Tag: Literature Magazine

Dust & Time by Mitch Sebourn

I first discovered Mitch Sebourn during the Covid pandemic – and I have to say it’s one of the best things that has come out of all that crazy! With being stuck in the house and not a lot to do (when I wasn’t at work) I also decided to set up a YouTube channel

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The BBC National Short Story Award 2020 by Various

What a feast of delights awaits us the reader in this years BBC National Short Story Award 2020 from Comma Press – I’m a huge fan of this series as I’m a huge fan of the short story form and well this year we are treated to some great voices, some old and some new

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The Standardization of Demoralization Procedures by Jennifer Hofmann

Hofmann transports us to the surreal setting of East Berlin in her humorous and emotive novel, The Standardization of Demoralization Procedures. The disastrous results of living under a spy state are carefully examined through the eyes of Bernd Zeiger, whose glimpses into paranoia demonstrate this brutal and unforgiving regime. It’s absurd yet completely plausible, and

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Hell Ward by James Sale

I’m not a huge fan of poetry, okay I’ve said it. I don’t know what it is, there’s something about the artform that I struggle with, it may have underlining issues with how this was dealt with at my secondary school and the bullying that took place in the classroom from my teacher and directed

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Criterium by Tyler Jones

Back in the early part of 2014 I first read Bunt Tongues (an anthology of transgressive fiction) and to be honest, I didn’t think much of it. This year Burnt Tongues got a much needed facelift. The thing is the only difference was a new cover and an illustration for each of the stories held

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Beneath the Trees of Eden by Tim Binding

Animalistic, thrilling, and intense, Tim Binding’s Beneath the Trees of Eden contains a plethora of beautiful and complicated relationships, set against the real and raw portrayal of death. Our characters skirt the fringes of society and live on their own terms – but at what cost? Binding challenges us to reconsider what ‘Eden’ really is,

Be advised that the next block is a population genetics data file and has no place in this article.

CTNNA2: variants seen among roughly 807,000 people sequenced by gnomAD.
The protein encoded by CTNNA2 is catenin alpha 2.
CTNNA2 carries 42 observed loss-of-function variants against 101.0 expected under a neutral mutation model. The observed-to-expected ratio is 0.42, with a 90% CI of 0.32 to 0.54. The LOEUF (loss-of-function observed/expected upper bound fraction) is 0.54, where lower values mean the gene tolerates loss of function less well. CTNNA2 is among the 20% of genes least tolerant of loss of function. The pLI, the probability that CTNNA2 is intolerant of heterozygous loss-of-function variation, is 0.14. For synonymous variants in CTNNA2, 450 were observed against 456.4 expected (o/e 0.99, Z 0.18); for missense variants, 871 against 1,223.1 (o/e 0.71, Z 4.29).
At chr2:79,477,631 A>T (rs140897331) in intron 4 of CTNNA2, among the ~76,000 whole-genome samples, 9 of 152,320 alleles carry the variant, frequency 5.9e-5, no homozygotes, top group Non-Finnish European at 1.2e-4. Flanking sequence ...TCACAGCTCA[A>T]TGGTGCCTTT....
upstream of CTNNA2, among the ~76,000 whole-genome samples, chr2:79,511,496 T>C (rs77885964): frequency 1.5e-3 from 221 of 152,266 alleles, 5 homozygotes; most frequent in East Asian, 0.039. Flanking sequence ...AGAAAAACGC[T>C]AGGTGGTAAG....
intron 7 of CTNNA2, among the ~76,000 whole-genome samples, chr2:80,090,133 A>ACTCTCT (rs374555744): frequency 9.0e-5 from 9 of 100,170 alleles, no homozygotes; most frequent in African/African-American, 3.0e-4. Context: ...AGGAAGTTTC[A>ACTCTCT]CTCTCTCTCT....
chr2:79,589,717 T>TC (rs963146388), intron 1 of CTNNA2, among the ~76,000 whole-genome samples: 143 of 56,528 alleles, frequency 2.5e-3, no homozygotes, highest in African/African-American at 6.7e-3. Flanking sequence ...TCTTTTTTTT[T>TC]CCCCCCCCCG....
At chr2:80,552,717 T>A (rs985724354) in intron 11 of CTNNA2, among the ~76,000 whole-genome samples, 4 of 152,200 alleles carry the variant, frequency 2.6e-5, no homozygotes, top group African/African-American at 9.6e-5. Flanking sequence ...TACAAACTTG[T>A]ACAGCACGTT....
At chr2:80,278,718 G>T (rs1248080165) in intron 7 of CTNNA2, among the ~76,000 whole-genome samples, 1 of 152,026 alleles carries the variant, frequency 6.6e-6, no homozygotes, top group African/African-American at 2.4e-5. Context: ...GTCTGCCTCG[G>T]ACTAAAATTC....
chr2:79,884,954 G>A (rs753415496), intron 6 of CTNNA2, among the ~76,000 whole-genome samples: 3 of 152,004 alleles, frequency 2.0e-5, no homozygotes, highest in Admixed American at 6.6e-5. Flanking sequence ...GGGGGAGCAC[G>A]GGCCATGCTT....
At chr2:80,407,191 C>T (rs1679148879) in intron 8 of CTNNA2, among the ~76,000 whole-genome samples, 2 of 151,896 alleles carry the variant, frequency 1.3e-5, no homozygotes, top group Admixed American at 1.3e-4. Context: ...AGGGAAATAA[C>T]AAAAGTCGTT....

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Zero Saints by Gabino Iglesias

I’m going to go out on a limb here and say that Zero Saints, in my humble opinion, is just that little bit better than Coyote Songs. I bloody loved Coyote Songs, but this one is just off the chain, crazy good! Please don’t hit me in the face (I know Coyote Songs holds a

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Little Paranoias by Sonora Taylor

Little Paranoias is a short story collection form horror author Sonora Taylor, a collection that is gripping, original and bang on the money for those that prefer the dark slice of horror. What I loved about the collection is that it is a mixture of short stories and flash fiction and this device that is

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The Devil All The Time by Donald Ray Pollock

‘Some people were born just so they could be buried.’ The Devil All The Time is a sprawling, gritty, powerhouse of a book that follows the lives of a handful of characters as they fight to survive in the town of Knockemstiff and the surrounding towns of Ohio and West Virginia. The opening of this

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Greensmith by Aliya Whiteley

Penelope Greensmith, a divorced, cardigan-wearing, lonely bio-librarian, is responsible for a vast seed bank made possible by the mysterious Vice she inherited from her father. One day she receives an unexpected visitor: the charming Horticulturalist, who wants to see her collection. He thinks it could hold the key to stopping a terrible plague, which turns

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